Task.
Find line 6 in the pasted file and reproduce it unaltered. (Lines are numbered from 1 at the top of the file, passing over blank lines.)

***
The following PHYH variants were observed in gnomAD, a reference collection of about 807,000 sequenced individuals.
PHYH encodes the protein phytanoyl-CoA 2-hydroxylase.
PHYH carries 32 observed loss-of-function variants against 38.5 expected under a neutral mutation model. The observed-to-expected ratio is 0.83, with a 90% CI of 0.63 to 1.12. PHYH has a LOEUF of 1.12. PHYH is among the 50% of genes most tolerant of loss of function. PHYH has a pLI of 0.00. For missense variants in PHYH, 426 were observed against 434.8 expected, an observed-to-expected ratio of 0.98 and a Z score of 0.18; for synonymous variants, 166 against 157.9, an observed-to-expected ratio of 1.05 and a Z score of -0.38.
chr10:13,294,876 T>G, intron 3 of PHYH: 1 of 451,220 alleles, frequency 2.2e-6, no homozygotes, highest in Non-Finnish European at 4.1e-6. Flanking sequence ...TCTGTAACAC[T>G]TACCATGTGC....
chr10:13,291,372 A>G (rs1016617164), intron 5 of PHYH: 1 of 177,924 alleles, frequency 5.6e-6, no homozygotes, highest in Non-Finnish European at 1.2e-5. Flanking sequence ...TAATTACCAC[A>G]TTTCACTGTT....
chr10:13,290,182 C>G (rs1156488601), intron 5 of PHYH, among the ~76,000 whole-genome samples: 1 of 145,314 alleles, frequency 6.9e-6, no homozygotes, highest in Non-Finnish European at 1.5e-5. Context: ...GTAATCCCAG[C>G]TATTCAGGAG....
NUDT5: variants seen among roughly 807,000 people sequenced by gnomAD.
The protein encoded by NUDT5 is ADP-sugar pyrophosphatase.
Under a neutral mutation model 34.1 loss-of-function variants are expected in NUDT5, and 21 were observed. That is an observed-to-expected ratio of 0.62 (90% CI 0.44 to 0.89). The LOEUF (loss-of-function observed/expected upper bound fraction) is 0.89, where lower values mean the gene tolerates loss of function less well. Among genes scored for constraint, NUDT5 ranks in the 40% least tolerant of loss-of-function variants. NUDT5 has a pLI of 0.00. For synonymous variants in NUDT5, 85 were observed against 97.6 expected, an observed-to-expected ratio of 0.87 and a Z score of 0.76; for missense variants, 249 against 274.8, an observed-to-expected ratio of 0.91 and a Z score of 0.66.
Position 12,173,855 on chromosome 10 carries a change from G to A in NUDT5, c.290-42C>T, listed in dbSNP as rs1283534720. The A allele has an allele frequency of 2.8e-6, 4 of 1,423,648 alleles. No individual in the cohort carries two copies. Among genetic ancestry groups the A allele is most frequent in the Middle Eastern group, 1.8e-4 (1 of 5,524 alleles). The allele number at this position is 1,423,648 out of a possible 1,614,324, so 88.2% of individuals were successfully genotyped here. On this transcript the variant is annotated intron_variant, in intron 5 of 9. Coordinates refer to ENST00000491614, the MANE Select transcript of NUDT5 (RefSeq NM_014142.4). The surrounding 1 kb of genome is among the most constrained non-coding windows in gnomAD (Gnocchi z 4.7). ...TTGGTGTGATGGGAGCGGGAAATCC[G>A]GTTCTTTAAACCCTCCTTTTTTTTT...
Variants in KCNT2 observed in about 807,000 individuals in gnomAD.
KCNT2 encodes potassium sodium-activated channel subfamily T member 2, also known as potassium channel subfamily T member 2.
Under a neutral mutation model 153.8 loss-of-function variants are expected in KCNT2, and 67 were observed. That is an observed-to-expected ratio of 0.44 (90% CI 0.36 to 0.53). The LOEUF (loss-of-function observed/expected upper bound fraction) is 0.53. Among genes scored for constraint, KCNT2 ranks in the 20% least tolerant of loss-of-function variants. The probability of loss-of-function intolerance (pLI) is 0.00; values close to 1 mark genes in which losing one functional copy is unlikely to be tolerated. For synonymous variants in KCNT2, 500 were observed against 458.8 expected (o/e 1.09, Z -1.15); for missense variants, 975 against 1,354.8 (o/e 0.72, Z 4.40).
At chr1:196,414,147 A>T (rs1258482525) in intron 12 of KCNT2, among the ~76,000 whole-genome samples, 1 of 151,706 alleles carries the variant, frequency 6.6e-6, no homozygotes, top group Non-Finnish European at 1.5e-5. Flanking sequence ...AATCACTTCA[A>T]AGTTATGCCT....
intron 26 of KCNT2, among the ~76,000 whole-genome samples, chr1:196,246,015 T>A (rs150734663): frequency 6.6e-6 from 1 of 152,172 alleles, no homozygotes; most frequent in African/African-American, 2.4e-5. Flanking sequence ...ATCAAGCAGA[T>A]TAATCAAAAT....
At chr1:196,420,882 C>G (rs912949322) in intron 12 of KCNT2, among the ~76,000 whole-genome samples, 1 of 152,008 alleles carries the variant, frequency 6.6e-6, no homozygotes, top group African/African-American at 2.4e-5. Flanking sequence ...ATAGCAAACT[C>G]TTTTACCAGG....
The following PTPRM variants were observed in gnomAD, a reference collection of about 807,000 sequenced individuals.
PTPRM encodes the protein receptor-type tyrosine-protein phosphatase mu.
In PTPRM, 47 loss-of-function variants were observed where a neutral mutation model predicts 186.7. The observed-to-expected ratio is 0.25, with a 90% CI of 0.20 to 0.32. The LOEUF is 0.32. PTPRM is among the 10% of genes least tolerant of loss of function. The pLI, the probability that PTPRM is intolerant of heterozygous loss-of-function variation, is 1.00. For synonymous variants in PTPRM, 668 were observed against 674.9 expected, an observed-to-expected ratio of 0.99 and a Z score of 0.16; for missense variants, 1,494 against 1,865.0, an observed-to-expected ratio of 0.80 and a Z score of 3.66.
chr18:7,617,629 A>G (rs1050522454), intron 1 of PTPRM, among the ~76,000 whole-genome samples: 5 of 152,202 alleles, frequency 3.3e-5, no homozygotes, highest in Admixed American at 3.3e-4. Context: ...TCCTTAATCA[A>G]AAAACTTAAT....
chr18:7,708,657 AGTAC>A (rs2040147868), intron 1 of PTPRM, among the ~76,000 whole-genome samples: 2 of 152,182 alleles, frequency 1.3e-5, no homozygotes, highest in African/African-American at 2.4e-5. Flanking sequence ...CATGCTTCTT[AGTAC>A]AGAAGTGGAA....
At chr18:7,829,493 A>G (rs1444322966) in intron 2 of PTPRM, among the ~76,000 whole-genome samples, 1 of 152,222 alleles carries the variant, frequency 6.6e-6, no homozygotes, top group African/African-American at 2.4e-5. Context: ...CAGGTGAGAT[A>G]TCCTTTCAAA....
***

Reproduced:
chr10:13,290,182 C>G (rs1156488601), intron 5 of PHYH, among the ~76,000 whole-genome samples: 1 of 145,314 alleles, frequency 6.9e-6, no homozygotes, highest in Non-Finnish European at 1.5e-5. Context: ...GTAATCCCAG[C>G]TATTCAGGAG....